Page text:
Mohammad Rasoulof threatened after winning prize at Cannes Film Festival
Iran’s officials have banned award-winning director Mohammad Rasoulof (pictured) from making films or leaving the country.
The restrictions are the latest in a campaign to shut down Rasoulof since the disputed 2009 Presidential election. In March 2010, he and fellow director Jafar Panahi were arrested. Rasoulof was subsequently sentenced to six years in prison, although on appeal, the sentence was reduced to one year in prison and has not been enforced.
The director said that the latest move against him came on September 11, when his passport and belongings were seized at a Tehran airport. Rasoulof had just returned from winning the Un Certain Regard prize at the Cannes Film Festival for “A Man of Integrity”. The film, which has not received a permit for screening in Iran, focuses on corruption in the Islamic Republic.
Rasoulof said he was told to appear at the Culture and Media Court, but informed a few days later that should not go to court until further notice. Then, on October 3, he was questioned for more than 4 1/2 hours about his films by Revolutionary Guards intelligence organization, and told he had been charged with “assembly and collusion against national security” and “propaganda against the state” — the same allegations for which he was sentenced in 2010.
The director said of the Guards officers:
They were very angry. They insisted that I had smeared the values of the  revolution in my films.
One of the interrogators said frankly that independent cinema is a joke and should be banned. I told him that if independent cinema is a joke, why don’t you let me tell my jokes?
The interrogators also said that Rasoulof, whose films consider discrimination in Iran, is defending members of the Baha’i faith, who are harassed and detained in the Islamic Republic.
Two of Rasoulof’s colleagues, including producer Kaveh Farnam, have also been banned from travel outside Iran.
Supreme Leader: US Supports ISIS and “Terrorists”
The Supreme Leader has repeated his line that the US is supporting the Islamic, “Takfiri terrorists”, and authoritarian regimes in the Middle East.
Ayatollah Khamenei told officials in Tehran on Wednesday:
The US, which is one of the most corrupt and oppressive governments in the world, is our main enemy. They supported terrorists and Daesh as much as they could; they are still covertly assisting Daesh and the Takfiris, likewise.
Our main enemy—the U.S. regime—leads the most corrupt and oppressive govt. According to news we’ve received, they’re still supporting ISIS and the like. They support the Saudi tyrannical ruling family in their crimes against #Yemen, & support Zionist atrocities in #Palestine.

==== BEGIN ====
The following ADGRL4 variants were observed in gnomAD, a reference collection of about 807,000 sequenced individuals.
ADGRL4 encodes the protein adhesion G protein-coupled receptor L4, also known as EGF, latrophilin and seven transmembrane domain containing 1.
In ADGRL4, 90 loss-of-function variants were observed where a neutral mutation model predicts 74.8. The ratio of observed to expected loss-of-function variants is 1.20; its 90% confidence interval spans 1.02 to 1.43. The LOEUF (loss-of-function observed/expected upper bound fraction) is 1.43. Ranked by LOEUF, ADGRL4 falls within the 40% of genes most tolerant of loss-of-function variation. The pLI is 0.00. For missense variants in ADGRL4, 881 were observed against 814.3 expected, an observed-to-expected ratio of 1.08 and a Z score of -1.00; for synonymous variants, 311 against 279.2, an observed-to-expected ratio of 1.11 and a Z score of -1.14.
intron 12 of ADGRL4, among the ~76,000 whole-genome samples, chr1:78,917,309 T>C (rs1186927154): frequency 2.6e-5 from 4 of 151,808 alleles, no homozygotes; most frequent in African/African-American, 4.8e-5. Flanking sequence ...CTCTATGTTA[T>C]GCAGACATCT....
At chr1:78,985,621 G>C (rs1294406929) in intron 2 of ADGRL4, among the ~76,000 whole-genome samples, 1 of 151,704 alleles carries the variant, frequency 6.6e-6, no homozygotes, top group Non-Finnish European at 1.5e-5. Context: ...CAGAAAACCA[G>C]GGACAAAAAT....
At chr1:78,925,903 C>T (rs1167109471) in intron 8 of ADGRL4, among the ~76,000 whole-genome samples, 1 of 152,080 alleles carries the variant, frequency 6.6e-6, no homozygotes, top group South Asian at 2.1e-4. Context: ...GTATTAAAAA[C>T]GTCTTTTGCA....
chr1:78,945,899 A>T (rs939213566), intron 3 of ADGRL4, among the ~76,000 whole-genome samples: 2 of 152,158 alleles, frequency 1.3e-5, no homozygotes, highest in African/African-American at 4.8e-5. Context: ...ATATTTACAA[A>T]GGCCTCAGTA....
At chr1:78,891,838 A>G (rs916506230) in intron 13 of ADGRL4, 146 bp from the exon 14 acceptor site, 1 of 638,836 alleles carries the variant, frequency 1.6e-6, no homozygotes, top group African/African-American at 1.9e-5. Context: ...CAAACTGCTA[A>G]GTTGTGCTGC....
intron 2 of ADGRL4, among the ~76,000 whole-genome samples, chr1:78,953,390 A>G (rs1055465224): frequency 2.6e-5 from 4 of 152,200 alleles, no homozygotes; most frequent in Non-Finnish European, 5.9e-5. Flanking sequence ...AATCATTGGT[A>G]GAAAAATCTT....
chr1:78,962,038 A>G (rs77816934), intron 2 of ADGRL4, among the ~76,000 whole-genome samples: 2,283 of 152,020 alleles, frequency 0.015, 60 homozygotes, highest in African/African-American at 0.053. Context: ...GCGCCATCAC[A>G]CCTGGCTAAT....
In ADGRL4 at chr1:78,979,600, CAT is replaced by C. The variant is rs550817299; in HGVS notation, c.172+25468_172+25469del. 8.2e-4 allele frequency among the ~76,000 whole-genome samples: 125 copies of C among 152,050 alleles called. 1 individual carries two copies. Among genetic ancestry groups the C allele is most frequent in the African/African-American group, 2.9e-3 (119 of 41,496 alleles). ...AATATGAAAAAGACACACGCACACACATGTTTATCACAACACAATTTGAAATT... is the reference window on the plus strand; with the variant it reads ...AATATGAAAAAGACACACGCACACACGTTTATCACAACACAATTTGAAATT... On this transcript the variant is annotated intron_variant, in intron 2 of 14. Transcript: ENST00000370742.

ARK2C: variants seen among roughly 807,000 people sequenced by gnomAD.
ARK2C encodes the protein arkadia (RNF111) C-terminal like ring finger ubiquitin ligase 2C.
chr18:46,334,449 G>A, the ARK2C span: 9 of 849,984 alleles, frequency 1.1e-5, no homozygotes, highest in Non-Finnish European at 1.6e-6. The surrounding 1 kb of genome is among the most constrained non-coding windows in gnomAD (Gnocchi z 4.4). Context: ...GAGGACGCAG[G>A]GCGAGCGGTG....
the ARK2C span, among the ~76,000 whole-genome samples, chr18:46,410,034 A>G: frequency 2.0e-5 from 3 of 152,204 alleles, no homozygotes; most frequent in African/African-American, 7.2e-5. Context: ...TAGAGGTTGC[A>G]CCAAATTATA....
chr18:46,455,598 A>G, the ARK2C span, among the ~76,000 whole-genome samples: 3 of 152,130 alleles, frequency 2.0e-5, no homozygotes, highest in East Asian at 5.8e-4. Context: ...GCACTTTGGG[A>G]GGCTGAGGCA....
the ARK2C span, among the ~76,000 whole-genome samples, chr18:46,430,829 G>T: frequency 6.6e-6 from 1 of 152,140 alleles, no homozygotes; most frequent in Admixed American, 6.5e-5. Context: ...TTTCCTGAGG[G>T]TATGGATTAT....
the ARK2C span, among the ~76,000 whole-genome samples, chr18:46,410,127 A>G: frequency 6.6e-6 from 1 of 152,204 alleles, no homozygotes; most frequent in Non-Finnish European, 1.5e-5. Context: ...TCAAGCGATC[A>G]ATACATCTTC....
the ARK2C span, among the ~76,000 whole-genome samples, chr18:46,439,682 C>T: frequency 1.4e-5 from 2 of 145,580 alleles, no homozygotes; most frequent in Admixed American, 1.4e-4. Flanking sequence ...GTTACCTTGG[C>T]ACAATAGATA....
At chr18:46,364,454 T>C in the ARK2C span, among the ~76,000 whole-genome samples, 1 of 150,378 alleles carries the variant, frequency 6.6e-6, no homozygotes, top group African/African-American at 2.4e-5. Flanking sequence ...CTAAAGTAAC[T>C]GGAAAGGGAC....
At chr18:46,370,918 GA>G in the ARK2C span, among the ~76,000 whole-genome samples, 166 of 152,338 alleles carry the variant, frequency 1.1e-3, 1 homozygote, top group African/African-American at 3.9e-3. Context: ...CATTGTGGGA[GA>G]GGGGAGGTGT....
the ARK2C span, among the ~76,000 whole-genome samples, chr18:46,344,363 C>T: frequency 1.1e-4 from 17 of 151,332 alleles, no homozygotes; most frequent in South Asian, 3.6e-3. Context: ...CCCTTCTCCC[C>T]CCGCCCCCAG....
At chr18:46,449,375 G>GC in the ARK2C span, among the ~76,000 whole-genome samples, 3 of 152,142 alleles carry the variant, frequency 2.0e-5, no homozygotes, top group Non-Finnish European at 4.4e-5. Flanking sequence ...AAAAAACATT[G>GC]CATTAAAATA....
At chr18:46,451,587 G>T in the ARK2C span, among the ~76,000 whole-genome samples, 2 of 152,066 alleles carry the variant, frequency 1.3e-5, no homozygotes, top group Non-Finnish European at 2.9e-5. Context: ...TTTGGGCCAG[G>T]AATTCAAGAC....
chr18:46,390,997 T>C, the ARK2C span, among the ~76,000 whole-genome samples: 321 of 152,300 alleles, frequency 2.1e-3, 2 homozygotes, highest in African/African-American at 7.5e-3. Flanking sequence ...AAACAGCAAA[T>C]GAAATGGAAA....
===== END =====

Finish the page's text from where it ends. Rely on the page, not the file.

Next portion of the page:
— Khamenei.ir (@khamenei_ir) December 27, 2017
Khamenei has used the hostility to Washington to justify Iran’s intervention in the Syrian civil war, its approach to Iraq, and its political line on regional affairs such as the Yemeni conflict and the Israel-Palestine issue.
The Supreme Leader also used Wednesday’s speech to push back on any criticism of Iran’s human rights record:
[The US] commit crimes in its own country; the US police kill black women, children and youth, and they get acquitted at the court. This is their judiciary system. Then they criticize the judiciary systems of other countries and the faithful judiciary system of our country.
Khamenei then turned against unnamed high-profile individuals inside Iran, claiming that they are working for the Islamic Republic’s enemies:
During war, you should guess what the enemy intends to do, but, nowadays, you don’t need to guess; thousands of lie-shooting arsenals are working against the Iranians to make them disappointed and pessimistic, and take their confidence.
Unfortunately some people do the same in the country; they lack piety. Such people have political religion, instead of religious politics; their religion is politicization.
Some observers speculated that the Supreme Leader was referring to the opposition Green Movement’s leaders Mir Hossein Mousavi, Mehdi Karroubi, and Zahra Rahnavard, held under strict house arrest since February 2011: “Among them are some of those who once had or now have all the managerial facilities of the country and take the role of opposition.”
However, Khamenei also appeared to be pointing at individuals who are still active in Iranian politics and religion: “Some even have media and pulpits. They can talk but they don’t take into account either God and religion, or fairness.”
He continued, “The ones that had or have the country in their hands don’t have the right to talk against the country; they must be responsible.”